CSU leaders express the need for black studies program

Panelists refer to personal experiences and frustration over lack of cultural inclusion


Jeffrey Davis

Panelists from left to right: Dr. Garry Rolison, Darniesha Thornton, Dr. Melina Abdullah, Dr. Charles Toombs, Daniesha Thornton, Ebony Wiley and Dr. Sharon Elise.

Andrea Martinez, Copy Editor

A panel of educators and students from three California State Universities made powerful arguments for the inclusion of black/Africana studies programs in colleges and universities across the nation on Feb. 17.

The Office of Diversity, Educational Equity, Inclusion and Ombud Services hosted Black Studies Matter on Wednesday, Feb. 17 at the Reading Room in Kellogg Library to discuss the inclusion of black/Africana studies programs throughout the CSUs.

Professor and Department Chair of Sociology Dr. Sharon Elise introduced the panelists.  They included Dr. Garry Rolison, Ebony Wiley, Black Student Union President Daniesha Thornton and Vice President Darniesha Thornton, and Dr. Charles Toombs of SDSU and Dr. Melina Abdullah of CSULA, who is also an organizer of the Black Lives Matter movement.

As the event title was inspired by Black Lives Matter, Abdullah connected the movement to the recent demand for black studies programs.

“If we think about what’s happened since the founding of Black Lives Matter … it’s lifted up this idea of being unapologetically black,” said Abdullah.

“For 40 years, there has been a concerted effort that has been successful in helping us to think that we are best served by incorporating ourselves into the existing system … black people have been fed this idea that … if you just don’t wear those braids, if you just pull up your pants, if you just speak not in the way that you do at home … then you will be rewarded. The system will reward you and that’s freedom … that’s a lie,” said Abdullah.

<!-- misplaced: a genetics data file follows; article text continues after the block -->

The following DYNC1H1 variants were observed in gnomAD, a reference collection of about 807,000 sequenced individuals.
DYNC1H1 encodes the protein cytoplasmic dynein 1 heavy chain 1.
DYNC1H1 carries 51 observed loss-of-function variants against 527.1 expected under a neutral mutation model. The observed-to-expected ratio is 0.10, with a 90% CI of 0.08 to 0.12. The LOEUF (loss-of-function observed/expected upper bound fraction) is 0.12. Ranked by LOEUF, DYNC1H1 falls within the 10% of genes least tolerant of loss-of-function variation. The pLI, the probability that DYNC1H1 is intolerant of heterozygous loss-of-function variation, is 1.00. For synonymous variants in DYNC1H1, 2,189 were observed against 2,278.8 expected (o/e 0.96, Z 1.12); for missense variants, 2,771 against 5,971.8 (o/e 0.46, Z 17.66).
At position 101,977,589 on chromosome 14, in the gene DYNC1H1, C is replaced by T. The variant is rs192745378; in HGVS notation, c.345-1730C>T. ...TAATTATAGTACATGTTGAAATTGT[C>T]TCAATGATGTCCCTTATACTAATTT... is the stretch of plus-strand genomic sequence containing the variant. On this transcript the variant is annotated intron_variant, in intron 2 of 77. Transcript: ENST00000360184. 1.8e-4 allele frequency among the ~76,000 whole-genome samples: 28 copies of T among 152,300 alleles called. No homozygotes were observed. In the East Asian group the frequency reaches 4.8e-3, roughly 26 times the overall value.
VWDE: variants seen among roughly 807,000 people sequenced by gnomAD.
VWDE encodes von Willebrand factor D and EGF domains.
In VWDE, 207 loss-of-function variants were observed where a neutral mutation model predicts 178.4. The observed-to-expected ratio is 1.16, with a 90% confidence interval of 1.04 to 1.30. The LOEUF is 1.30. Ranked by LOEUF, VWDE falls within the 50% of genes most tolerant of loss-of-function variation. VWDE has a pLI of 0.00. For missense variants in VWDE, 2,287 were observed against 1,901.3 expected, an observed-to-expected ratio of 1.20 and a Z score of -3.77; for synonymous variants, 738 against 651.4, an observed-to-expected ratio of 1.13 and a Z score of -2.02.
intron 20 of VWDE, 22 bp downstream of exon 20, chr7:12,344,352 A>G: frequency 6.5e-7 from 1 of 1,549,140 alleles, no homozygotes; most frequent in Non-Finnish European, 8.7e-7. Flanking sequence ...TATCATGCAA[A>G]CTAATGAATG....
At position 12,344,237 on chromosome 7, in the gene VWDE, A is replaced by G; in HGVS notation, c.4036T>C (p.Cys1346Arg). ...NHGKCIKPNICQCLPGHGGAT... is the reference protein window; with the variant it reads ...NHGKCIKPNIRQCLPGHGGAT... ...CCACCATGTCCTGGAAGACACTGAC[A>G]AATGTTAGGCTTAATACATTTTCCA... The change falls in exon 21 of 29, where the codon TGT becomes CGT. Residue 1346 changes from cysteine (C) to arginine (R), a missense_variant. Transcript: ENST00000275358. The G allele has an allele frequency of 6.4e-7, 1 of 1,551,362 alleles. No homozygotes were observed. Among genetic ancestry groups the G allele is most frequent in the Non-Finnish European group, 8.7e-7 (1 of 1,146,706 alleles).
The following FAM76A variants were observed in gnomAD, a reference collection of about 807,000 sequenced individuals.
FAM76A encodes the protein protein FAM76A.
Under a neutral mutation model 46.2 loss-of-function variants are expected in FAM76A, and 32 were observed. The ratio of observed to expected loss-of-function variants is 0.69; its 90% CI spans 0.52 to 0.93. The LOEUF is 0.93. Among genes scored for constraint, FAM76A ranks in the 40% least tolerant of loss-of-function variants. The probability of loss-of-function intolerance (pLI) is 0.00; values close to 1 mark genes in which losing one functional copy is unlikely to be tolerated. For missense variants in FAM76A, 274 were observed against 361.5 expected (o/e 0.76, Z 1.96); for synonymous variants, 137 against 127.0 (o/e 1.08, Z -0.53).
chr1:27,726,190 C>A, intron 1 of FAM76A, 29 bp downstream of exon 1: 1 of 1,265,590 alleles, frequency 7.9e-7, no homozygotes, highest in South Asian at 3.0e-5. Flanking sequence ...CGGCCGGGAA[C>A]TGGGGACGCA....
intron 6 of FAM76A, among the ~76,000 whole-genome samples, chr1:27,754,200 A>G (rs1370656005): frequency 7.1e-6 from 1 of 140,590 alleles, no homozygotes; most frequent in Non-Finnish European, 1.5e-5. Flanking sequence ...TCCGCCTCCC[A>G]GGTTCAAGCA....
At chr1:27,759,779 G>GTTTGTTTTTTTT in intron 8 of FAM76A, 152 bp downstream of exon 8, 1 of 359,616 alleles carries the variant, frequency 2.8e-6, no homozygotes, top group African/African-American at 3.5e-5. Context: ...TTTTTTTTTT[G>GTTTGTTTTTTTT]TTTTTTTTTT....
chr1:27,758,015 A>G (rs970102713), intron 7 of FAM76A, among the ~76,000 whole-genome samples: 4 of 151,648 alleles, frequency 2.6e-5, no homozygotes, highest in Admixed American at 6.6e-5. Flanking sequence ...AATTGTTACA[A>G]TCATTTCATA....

To support the frustrations of faculty, staff and students who have been pushing for the inclusion of black studies programs, Elise shared “The Black Bruins,” a spoken word video by UCLA graduate Sy Stokes.

Stokes criticized the miniscule population of black students on campus and the university’s reluctance to support their academics. After pointing fingers at UCLA administration, he said, “Waiting for an apology is asking for the impossible, because no snowflake in an avalanche ever feels responsible.”

Elise then asked panelists to share their first experiences with black studies. Aside from Abdullah, who went to Berkley High School in Oakland, the only high school in the nation to have a department of African American studies, each of them explained that they experienced black studies for the first time in their undergraduate careers.

Each panelist cited a sense of awakening when they finally encountered their history and culture in their studies.

After taking ethnic studies courses for the first time as an undergrad, Daniesha said she has an “overwhelming gratitude to [her] professors that they’re finally teaching [her] the truth.”

Her twin sister Darniesha expressed her frustration as an African American student who receives gazes from students and professors in classrooms as topics of black history come up, expecting her to know about her culture’s history.

“That’s an example of how our universities and colleges in this country have failed our students, because even if you are the only black student in the class, your professor and fellow students should be educated enough to deal with whatever the issues are, and it shouldn’t just have to come from you,” said Toombs.

Ethnic studies was once a requirement for general education at CSUSM. Elise described the elimination of it as “history in the unmaking.”

Elise also acknowledged Arturo Ocampo, former Associate Vice President of the Office of Diversity, explaining the welcome that black organizations on campus received from him and that this Conversations that Matter series was his vision.

She gave audience members the opportunity to sign a petition asking CSUSM President Karen Haynes to designate funds for an African American center on campus and a black studies department.

The panelists urged their listeners to support the effort.

“We were born out of freedom struggle and we’ll only survive out of freedom struggle,” said Abdullah.